My first impressions of “Spinning” were good. Typepad blogs tend to be pretty well put together as a rule and this one is no exception. There is a title bar with detailed description of the blog (which is basically about writing) and some nice graphics. An “About Me” page reveals more on the writing theme, though it was not as in depth or informative as maybe it could have been. Browsing the two sidebars, I found the usual suspects – many links to other sites and blogs (mostly literature based), a webring and archives of various descriptions. The overall look of the site is pretty tasteful and there are a few graphics too which enhance things still further.
The weblog itself has only been going since October 2003 but there is more than enough content here to keep readers busy for sometime. Being a writer, the weblog is updated daily, often more than once. So what is written about exactly in this weblog? Well after reading through the archives for some time, I found that the key to accessing the content really lies in the different categories. The blog is helpful in this respect because each post title specifies which category it belongs to. Not all the category titles are clear at first, but I soon discovered that “Edgar and I” for example refers to the author’s relationship with Edgar Allen Poe, who she considers to be a major influence, “Reality?” is fairly obviously the day- to- day life stuff and so on.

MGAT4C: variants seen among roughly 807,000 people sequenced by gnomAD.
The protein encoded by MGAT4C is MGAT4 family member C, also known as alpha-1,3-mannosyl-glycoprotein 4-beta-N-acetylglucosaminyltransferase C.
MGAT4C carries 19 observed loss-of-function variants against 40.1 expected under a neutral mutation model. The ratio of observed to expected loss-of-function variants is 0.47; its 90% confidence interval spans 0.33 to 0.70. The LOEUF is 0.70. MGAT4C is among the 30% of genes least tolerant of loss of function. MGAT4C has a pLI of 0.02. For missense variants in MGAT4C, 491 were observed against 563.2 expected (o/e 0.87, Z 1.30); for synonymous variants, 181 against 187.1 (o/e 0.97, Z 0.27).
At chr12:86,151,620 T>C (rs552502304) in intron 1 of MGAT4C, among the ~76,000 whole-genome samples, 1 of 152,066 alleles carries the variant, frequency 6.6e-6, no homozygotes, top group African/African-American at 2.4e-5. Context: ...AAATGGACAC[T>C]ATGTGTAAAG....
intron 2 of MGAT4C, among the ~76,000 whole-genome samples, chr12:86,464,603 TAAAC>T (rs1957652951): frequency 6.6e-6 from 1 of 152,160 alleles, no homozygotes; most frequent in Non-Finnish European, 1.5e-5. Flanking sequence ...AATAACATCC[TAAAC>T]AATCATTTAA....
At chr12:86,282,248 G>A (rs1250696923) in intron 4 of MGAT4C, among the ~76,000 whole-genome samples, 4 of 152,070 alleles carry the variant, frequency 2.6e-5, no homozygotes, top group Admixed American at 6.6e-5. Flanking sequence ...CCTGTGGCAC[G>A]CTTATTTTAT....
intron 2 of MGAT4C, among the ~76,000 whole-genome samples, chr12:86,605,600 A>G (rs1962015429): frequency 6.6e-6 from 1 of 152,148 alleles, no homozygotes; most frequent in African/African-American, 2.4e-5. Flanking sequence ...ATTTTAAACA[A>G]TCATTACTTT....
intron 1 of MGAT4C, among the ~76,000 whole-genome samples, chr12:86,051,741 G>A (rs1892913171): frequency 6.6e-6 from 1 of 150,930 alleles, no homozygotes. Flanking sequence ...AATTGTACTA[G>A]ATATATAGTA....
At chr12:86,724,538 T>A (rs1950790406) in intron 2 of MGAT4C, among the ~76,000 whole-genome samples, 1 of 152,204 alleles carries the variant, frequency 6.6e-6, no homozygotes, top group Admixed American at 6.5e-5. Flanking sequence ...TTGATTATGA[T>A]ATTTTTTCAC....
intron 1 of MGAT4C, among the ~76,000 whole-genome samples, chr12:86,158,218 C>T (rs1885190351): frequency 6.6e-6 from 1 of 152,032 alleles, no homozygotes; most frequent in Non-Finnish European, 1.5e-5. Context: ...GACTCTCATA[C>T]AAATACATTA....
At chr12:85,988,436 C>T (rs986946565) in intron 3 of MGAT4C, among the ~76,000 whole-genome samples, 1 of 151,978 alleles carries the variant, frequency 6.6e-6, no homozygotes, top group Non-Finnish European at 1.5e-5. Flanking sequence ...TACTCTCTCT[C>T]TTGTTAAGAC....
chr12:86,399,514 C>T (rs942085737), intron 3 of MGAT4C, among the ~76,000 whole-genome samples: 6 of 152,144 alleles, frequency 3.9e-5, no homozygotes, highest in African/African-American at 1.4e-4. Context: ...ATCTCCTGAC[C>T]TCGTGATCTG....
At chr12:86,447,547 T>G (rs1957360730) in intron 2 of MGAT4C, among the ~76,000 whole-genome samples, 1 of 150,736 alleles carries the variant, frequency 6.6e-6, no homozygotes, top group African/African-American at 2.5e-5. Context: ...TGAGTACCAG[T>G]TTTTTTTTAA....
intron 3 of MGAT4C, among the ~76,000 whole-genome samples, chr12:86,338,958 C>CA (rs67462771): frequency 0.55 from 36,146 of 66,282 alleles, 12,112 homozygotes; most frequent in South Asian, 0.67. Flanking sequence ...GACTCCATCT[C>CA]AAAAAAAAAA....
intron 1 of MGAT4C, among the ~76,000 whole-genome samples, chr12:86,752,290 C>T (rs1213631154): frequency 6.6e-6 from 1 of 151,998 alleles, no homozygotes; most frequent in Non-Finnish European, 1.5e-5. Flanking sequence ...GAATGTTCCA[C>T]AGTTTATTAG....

Unfortunately I found the writing itself to be fairly inaccessible though, even once I started paying attention to the categories. Now I hold my hands up at this point and say that it may well have been me that was the problem here- I will be interested to see what the other reviewers have to say about it. The thing is, writing, literature, education and blogging (the main themes of the site) are all things which usually interest me, but somehow I couldn’t penetrate the wordy style of the author and found the posts a bit dry. This detailed and analytical style of prose is (I’m sure) very good practice for “proper” writing, but I think a more chatty, informal style might be more appropriate for a weblog and make it more accessible.
Overall then, this weblog would (I would think) appeal to other writers as there are loads of tips here about how to write and what to write, with some good examples of work by the author. My inability to connect with the writing style meant I found it a hard site to penetrate though, which is a shame.Spinning